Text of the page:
A British man whose face was severely injured in a motorcycle accident underwent facial reconstruction surgery made using three-dimensional printer parts. Stephen Power, 29, has become the first person to be operated with this technology .
Power two years ago had an accident with his motorcycle and although wearing a helmet, the upper jaw, nose, and cheekbones broke and he suffered a fractured skull. After spending four months in the hospital, he came out with a partially disfigured face hiding behind hats and sunglasses .
To return to his usual appearance, first a three-dimensional model of Power’s skull was created as it was before the accident. Parts were selected to replace and underwent 3D printing. In an operation that lasted more than eight hours at Morriston Hospital in Swansea, the printed pieces were implanted to hold the bones and a necessary titanium implant printed in Belgium was also used.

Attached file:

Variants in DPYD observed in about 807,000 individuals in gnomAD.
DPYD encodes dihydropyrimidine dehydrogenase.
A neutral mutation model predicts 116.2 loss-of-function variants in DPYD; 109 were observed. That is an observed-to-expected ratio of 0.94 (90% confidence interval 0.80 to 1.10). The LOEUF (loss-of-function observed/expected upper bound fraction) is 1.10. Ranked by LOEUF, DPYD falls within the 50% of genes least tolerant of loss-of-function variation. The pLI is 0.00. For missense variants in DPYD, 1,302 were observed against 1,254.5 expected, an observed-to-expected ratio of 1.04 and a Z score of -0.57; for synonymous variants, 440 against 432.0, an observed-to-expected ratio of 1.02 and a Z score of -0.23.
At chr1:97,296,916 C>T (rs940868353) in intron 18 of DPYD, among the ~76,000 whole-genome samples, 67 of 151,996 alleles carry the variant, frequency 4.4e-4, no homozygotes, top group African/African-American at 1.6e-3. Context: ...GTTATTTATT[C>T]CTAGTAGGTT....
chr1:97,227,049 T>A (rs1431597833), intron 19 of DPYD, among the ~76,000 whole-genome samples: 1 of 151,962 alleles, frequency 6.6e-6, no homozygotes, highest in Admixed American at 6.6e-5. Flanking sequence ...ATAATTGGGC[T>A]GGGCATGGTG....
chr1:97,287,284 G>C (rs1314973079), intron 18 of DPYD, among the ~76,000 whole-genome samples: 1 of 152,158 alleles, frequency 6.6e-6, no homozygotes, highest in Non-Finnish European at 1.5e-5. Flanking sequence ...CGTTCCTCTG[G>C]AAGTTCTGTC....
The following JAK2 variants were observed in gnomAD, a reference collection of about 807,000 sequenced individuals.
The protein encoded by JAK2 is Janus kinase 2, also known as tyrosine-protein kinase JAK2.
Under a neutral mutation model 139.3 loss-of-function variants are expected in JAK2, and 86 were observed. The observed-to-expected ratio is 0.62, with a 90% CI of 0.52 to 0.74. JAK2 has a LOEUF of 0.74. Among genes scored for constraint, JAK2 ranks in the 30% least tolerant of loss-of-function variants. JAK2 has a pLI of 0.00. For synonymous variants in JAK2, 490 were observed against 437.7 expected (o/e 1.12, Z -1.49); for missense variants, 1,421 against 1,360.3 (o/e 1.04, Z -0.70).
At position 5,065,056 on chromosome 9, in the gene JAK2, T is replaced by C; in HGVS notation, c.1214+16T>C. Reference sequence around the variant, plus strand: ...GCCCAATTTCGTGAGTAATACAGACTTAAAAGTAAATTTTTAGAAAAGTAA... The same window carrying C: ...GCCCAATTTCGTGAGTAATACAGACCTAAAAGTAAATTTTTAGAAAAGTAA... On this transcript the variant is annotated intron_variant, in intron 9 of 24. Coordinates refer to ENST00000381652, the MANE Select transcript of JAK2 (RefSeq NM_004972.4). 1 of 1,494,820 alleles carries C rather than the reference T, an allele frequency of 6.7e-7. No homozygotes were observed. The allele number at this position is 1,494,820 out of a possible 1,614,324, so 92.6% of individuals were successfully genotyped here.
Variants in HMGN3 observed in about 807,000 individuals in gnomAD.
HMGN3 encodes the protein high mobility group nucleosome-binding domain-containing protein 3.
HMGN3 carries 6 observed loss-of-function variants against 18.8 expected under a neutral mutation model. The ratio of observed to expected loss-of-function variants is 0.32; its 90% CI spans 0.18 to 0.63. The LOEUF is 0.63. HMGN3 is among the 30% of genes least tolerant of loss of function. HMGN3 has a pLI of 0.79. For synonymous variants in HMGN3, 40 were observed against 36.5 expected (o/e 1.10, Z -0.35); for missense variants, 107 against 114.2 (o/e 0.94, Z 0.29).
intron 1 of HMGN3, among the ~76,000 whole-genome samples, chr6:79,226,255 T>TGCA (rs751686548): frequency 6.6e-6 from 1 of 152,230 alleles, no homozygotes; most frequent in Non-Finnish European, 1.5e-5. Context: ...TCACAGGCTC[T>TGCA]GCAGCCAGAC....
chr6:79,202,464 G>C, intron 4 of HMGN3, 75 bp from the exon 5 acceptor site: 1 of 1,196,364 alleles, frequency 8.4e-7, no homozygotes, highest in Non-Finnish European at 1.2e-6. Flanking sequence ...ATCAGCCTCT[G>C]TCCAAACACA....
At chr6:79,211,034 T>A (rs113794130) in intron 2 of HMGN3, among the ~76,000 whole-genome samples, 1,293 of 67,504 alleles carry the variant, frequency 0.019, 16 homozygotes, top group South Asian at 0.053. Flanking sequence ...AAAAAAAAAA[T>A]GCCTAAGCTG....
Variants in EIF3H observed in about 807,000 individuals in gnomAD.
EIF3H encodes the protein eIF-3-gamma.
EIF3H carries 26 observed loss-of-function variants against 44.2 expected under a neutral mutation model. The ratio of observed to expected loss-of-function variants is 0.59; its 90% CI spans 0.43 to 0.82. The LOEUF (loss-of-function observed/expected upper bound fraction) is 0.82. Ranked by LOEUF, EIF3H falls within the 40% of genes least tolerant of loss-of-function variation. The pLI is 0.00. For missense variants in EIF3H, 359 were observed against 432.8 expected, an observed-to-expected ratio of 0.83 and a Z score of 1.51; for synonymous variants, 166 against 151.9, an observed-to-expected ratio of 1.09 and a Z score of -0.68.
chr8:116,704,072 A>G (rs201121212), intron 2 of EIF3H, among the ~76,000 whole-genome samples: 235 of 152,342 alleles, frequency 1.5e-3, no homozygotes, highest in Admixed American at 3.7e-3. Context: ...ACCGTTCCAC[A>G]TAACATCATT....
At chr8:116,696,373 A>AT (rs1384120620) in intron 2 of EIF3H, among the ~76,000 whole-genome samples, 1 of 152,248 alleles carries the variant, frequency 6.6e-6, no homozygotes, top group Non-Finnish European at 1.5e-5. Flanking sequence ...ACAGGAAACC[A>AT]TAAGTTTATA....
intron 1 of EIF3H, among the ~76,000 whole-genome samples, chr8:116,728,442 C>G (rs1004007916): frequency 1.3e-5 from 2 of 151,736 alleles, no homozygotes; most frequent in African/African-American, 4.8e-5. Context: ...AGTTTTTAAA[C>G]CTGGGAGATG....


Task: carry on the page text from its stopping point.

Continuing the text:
Power told the BBC that the results have totally changed his life. «We could see the difference in the time I woke up ,» he recalled . » I ‘ll have to dress up , I do not have to hide , I can do everyday things like going to see people walking down the street,» he added.
The maxillofacial surgeon who operated on Power, Adrian Sugar, said the results were not comparable in any way to the first reconstruction work that had worked. «Without this technology, it’s all by hand. Have to guess where it goes .» According to the specialist , this technology provides greater accuracy and better results.
The explanation of the operation is part of an exhibition of three-dimensional printing in the Science Museum in London. The project is the result of collaboration between the hospital and scientists from Swansea Metropolitan University Cardiff within the Center of technologies in reconstructive surgery (Cartis).